One area of interest in healthcare data is plastic surgery, and the trends that appear in the operations that individuals are choosing to have done. In order to explore more about this phenomenon, the Guardian Datastore has provided an excellent set of data which has been used here as a basis for further analysis, and the display was created using Microsoft Office PerformancePoint and SQL Server.
As the examples show, sometimes it’s not enough just to have a set of numbers; illustrating the numbers with graphs can highlight patterns to the data consumer that weren’t previously visible.
In order to display some of the capabilities of Performance Point, the plastic surgery data was used here in order to create graphs and dashboards using Microsoft SQL Server as a data source. The data was obtained from the Guardian Datastore has a comma-separated values document, or CSV. This was easily imported into a table in SQL Server using a straightforward wizard. The ‘presentation layer’ was Performance Point, which is part of the Office SharePoint suite of products. Performance Point Services is integrated into Sharepoint, and can take in a variety of data sources, including Excel, standard ODBC connections, SQL Server database sources. It is particularly good with Analysis Services cubes since this allows drill-down and click-through to display data in dashboards, graphs, or even ‘traffic light’ indicators. Performance Point aids analysis by allowing the user a lot of control over the appearance of the graphs, and, as is usual for Microsoft, there are lots of different ways to do the same thing. Whatever is easiest for the user, really! If you would like to know more about how everything hangs together, please see the PerformancePoint Services blog site here for a downloadable Visio or PDF diagram for easy reading.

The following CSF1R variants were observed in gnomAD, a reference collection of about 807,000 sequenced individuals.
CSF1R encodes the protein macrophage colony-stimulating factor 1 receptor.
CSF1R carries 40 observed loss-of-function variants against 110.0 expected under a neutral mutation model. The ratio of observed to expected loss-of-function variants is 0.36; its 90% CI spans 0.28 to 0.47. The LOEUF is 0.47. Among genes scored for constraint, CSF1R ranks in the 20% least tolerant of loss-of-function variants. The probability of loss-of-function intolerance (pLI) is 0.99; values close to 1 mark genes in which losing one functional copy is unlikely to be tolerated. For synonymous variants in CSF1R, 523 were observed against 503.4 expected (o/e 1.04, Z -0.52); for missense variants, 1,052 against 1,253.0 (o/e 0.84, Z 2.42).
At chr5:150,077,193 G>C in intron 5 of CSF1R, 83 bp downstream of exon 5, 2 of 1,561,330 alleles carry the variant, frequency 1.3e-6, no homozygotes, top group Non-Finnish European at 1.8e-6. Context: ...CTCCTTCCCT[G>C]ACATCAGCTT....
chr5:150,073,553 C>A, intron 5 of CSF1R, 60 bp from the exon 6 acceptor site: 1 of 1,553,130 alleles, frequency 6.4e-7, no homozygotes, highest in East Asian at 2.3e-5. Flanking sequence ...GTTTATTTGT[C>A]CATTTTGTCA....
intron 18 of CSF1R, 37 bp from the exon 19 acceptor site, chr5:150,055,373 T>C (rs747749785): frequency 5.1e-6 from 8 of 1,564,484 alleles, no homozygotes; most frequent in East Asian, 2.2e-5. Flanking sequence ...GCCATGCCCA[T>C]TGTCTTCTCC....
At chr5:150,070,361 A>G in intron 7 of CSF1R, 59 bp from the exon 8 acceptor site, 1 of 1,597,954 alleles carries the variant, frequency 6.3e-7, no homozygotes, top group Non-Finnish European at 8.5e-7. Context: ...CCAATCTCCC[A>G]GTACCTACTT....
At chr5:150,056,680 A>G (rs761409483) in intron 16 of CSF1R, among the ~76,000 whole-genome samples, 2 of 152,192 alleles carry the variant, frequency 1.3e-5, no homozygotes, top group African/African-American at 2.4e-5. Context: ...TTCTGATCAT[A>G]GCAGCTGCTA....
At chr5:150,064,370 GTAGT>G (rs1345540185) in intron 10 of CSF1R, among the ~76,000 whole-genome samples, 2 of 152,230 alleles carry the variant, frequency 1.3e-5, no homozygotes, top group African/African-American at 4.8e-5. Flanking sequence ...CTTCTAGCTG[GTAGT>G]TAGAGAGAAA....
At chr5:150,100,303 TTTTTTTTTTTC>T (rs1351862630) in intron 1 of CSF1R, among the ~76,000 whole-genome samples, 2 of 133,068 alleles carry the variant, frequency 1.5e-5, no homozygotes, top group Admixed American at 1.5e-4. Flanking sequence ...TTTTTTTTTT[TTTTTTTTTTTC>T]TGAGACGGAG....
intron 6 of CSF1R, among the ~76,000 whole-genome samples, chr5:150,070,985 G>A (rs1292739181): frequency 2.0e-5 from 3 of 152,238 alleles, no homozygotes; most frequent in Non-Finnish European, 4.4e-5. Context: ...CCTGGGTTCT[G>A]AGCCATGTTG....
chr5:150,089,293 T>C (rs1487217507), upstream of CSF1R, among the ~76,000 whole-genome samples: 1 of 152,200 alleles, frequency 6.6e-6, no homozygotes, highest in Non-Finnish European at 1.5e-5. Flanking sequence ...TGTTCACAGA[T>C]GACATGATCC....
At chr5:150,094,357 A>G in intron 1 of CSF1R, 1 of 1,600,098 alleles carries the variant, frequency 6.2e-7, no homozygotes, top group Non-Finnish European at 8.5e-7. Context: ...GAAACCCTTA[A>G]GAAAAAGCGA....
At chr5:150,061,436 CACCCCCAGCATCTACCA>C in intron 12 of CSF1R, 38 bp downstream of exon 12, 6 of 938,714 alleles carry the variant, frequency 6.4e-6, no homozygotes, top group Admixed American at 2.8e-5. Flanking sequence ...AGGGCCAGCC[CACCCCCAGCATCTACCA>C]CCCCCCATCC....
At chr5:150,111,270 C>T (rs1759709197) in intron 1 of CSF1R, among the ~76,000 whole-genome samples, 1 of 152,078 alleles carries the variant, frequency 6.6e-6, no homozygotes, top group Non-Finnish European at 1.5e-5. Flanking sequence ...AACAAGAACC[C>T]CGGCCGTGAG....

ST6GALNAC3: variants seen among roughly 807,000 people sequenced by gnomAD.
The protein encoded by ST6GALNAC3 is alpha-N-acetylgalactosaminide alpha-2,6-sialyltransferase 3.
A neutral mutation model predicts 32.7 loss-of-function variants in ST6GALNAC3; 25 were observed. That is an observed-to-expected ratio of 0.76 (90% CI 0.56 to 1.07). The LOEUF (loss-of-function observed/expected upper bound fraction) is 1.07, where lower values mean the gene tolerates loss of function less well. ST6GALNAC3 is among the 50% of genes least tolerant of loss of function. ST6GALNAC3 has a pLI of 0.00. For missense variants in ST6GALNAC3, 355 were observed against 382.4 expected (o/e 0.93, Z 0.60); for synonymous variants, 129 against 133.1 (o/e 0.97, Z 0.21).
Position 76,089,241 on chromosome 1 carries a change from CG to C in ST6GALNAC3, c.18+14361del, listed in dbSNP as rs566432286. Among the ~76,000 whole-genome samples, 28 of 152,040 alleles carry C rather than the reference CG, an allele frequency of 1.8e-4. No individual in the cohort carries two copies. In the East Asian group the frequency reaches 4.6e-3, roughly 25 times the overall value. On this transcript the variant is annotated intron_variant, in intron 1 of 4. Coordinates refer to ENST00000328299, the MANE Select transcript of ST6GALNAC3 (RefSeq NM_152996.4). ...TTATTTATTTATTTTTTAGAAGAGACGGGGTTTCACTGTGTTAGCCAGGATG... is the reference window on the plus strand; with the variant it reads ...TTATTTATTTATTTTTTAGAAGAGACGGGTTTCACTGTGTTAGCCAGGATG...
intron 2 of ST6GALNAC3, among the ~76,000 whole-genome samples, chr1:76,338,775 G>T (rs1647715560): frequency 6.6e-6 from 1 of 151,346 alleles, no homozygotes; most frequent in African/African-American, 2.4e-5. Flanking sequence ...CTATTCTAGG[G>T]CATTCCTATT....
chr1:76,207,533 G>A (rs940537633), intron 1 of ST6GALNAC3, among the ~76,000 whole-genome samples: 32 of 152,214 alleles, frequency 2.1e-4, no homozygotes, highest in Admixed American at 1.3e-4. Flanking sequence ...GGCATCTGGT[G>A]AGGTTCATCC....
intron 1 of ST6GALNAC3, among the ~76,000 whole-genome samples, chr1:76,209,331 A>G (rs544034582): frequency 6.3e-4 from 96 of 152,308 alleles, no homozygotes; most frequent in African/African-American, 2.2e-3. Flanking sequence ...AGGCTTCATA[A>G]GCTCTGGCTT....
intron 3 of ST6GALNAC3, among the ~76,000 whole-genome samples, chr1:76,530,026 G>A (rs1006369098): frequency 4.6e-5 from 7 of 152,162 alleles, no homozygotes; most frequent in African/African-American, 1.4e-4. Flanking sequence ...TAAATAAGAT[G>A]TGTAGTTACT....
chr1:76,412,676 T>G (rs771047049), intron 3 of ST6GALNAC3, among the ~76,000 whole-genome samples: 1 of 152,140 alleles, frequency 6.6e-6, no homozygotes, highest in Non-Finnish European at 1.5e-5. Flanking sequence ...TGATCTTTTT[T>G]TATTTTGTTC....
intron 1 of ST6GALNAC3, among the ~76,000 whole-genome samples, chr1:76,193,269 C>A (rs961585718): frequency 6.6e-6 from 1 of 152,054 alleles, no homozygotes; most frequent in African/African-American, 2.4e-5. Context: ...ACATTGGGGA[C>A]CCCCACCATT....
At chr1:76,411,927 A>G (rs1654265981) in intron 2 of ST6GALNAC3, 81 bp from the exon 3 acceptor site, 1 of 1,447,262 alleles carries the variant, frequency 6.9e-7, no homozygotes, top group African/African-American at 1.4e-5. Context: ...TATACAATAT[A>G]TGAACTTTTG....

As a sample, there is a PerformancePoint dashboard below, or click here for the large image:
Overall, the dashboard shows that plastic surgery is a growing area of healthcare, with increases shown in almost every type of surgery except the bottom two: facelifts and abdominoplasty (tummy tucks). In addition to an overall increase in the plastic surgery requested, the type of plastic surgery requested has changed from 2008 to 2009. For example, there has been an over 40% increase in brow lifts, and a quarter rise in rhinoplasty or ‘nose jobs’. However, perhaps surprisingly, the ‘tummy tuck’ operation has shown a nearly 10% drop in operations performed. This is highlighted by the following excerpt of the above graph, or click here for an enlarged version:
There is obviously still a difference in the types of surgery requested by males and females, and this can be seen from the graph below. For example, in females, breast augmentation was a popular choice, whilst the data shows that only 28 males have undergone breast augmentation surgery in 2009. The only choice nearing a 50-50 split was otoplasty, which is an operation to correct ear shape or size. This can be seen from the bottom half of the dashboard, which is reproduced here for ease of use:
One interesting find is that male cosmetic surgery is on the increase; in fact, it increased by 21% in the last year. In particular, the Guardian reports that plastic surgery operations to reduce breast size in men (gynecomastia) have nearly doubled in the last year, and the British Association of Aesthetic Plastic Surgeons (BAAPs) found that operations to correct gynecomastia in men grew by 80% overall over the past 5 years.
To summarise, there are plenty of ways of visualising the nuggets of data held in data sources, and the Microsoft stack allows plenty of different SQL Server based ways for storing and visualising data in accordance with user requirements.